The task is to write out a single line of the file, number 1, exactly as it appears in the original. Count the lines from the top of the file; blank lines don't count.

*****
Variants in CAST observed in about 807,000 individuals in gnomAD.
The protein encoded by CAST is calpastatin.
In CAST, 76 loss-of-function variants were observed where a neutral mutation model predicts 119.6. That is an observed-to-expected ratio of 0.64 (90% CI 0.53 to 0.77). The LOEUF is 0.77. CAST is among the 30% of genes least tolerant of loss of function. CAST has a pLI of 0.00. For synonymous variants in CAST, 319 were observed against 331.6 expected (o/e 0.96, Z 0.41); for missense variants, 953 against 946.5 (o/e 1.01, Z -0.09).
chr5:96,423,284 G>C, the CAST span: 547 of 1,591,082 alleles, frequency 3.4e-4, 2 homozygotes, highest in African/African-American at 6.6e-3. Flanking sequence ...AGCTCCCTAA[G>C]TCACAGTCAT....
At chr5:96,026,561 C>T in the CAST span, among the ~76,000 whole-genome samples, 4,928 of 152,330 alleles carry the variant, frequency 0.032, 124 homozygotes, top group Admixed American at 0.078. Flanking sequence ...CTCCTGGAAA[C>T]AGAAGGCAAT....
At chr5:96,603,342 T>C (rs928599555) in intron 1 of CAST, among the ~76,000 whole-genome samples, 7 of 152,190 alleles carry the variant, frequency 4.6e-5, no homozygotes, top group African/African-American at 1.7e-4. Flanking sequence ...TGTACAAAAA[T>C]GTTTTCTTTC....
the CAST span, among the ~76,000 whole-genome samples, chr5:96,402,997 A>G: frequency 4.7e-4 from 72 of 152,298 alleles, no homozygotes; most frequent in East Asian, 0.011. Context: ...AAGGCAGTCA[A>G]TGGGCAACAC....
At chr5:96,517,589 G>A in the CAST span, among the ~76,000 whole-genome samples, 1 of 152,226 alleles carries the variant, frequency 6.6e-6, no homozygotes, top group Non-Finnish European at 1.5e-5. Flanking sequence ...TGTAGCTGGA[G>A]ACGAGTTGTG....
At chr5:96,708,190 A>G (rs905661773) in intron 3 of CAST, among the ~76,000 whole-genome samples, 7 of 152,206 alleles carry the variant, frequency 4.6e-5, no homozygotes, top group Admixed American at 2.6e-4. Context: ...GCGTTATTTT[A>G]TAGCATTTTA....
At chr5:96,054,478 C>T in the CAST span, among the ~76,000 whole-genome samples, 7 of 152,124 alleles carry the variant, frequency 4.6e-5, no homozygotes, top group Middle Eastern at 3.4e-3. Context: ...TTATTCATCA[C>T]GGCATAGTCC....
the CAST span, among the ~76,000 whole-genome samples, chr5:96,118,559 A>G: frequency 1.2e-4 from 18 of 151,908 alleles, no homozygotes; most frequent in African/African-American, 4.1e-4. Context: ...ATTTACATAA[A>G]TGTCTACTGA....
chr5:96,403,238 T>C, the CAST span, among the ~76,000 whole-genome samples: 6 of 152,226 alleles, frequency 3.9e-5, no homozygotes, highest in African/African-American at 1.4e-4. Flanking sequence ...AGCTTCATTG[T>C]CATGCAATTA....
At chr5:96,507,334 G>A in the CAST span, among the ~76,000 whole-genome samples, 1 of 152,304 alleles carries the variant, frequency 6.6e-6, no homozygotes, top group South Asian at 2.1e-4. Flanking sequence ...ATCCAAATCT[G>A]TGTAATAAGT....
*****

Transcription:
Variants in CAST observed in about 807,000 individuals in gnomAD.